• 6.
    Gatz, Sebastian
    University of Arts, Crafts and Design, Department of Design, Interior Architecture and Visual Communication (DIV), Industrial Design.
    New Romanticism: It’s Time for New Realities2022In: Transpositiones, ISSN 2749-4128, Vol. 1, no 2, p. 55-72Article in journal (Refereed)
    Abstract [en]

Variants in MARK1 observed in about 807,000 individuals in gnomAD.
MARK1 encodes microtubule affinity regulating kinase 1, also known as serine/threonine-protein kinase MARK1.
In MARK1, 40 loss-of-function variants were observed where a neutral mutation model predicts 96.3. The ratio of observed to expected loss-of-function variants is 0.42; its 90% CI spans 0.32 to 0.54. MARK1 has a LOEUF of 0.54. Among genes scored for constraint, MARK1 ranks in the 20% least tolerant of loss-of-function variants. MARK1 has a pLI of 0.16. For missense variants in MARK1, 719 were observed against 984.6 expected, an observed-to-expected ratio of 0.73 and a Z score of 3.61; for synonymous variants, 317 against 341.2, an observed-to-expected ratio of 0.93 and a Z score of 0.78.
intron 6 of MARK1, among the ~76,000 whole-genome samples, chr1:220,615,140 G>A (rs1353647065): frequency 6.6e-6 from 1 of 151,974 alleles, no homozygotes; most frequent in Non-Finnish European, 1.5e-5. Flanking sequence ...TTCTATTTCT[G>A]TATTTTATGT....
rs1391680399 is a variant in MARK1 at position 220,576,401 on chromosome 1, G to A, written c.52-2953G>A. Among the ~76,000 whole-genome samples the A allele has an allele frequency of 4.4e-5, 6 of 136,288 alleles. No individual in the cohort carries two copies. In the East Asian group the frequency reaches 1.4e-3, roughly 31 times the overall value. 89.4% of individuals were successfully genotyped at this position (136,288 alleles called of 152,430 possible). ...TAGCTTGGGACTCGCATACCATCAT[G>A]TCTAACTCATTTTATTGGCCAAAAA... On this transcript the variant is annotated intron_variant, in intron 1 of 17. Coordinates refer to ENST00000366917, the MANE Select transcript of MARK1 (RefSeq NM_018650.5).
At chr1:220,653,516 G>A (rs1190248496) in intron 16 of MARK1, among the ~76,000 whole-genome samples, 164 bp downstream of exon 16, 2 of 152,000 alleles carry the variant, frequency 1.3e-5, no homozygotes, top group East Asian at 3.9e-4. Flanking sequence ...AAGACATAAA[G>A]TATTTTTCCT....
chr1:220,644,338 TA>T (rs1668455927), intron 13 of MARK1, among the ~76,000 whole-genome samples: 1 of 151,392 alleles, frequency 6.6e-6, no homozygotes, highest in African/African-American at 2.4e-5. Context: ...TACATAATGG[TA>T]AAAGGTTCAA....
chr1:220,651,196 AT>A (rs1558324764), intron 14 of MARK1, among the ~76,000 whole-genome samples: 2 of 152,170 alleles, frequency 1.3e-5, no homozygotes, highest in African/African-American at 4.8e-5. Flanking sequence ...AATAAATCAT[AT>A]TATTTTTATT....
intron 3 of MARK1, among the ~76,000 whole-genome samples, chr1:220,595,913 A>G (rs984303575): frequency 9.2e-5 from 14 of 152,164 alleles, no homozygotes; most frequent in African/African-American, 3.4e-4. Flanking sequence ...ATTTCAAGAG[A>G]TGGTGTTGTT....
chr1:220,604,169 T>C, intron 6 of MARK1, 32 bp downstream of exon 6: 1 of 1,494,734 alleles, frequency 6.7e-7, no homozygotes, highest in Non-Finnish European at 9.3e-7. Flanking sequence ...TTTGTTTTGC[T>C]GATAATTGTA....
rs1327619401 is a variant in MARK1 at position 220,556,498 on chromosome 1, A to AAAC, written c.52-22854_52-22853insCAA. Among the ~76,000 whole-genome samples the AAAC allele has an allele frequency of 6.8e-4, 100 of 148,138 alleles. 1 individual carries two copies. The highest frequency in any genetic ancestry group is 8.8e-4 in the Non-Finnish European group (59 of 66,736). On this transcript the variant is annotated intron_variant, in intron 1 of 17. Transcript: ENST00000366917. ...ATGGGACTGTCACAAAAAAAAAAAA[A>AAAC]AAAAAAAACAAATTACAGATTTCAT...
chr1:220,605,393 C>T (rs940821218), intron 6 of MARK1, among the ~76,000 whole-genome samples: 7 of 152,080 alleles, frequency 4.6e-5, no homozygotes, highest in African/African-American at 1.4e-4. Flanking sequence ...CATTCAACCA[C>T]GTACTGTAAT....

The essay elaborates on the fluidity of realities and different forms of shaping them. Realities can be created and thus must be imagined first and implemented second. Reality production happens on different scales: from the small design studio – where products and desires are created – to the big world stage, where political narratives shape global happenings. At the moment we are experiencing a global dispute about how and to what extend humanity should technologically interact with nature. Should humanity intensify the control of climatic issues through the use of technology or slow down and develop new modes of being in the world? Existing movements provide space for exploring new ways of being in the world such as posthumanism, ahumanism, degrowth practice and marginalized forms of knowledge production such as occulture. Those fields come from fundamentally different (research) traditions but overlap in their quest for new non-anthropocentric ontologies. The overlapping space of these movements is conceptualized as a form of New Romanticism which opposes mainstream reality production and includes the nonhuman in its worldview. Methods for shaping realities range from speculative design to (capitalist) magic. I intend to advocate for non-hegemonic ontological explorations in academic research through experimental speculative design methods. I have written in an explorative style in order to implement speculation as a method. I first begin by looking at a tradition of Romanticism as an “irrational” opposing force to scientism and note how tendencies towards the Romantic have crept into the impetus behind other movements. Afterwards I explore different forms of shaping realities and narratives. Then I will propose new narratives for care for the age of the Anthropocene, followed by some initial ideas of how to implement New Romanticism through methods of Speculative Design. I will conclude with a short summary.